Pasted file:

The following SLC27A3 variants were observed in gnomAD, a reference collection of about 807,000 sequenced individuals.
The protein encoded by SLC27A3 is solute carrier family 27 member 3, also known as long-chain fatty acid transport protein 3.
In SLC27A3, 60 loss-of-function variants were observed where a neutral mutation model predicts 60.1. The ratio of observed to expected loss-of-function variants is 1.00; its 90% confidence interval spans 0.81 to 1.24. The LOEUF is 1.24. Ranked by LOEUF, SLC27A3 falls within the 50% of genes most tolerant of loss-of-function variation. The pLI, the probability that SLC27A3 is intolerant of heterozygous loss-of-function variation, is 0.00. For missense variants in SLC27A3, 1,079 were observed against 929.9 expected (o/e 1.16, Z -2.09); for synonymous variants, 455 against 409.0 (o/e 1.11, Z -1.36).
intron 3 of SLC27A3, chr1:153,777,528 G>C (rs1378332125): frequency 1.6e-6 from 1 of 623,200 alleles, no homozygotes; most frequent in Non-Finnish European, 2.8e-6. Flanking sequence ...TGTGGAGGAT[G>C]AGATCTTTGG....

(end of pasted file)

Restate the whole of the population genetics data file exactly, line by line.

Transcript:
The following SLC27A3 variants were observed in gnomAD, a reference collection of about 807,000 sequenced individuals.
The protein encoded by SLC27A3 is solute carrier family 27 member 3, also known as long-chain fatty acid transport protein 3.
In SLC27A3, 60 loss-of-function variants were observed where a neutral mutation model predicts 60.1. The ratio of observed to expected loss-of-function variants is 1.00; its 90% confidence interval spans 0.81 to 1.24. The LOEUF is 1.24. Ranked by LOEUF, SLC27A3 falls within the 50% of genes most tolerant of loss-of-function variation. The pLI, the probability that SLC27A3 is intolerant of heterozygous loss-of-function variation, is 0.00. For missense variants in SLC27A3, 1,079 were observed against 929.9 expected (o/e 1.16, Z -2.09); for synonymous variants, 455 against 409.0 (o/e 1.11, Z -1.36).
intron 3 of SLC27A3, chr1:153,777,528 G>C (rs1378332125): frequency 1.6e-6 from 1 of 623,200 alleles, no homozygotes; most frequent in Non-Finnish European, 2.8e-6. Flanking sequence ...TGTGGAGGAT[G>C]AGATCTTTGG....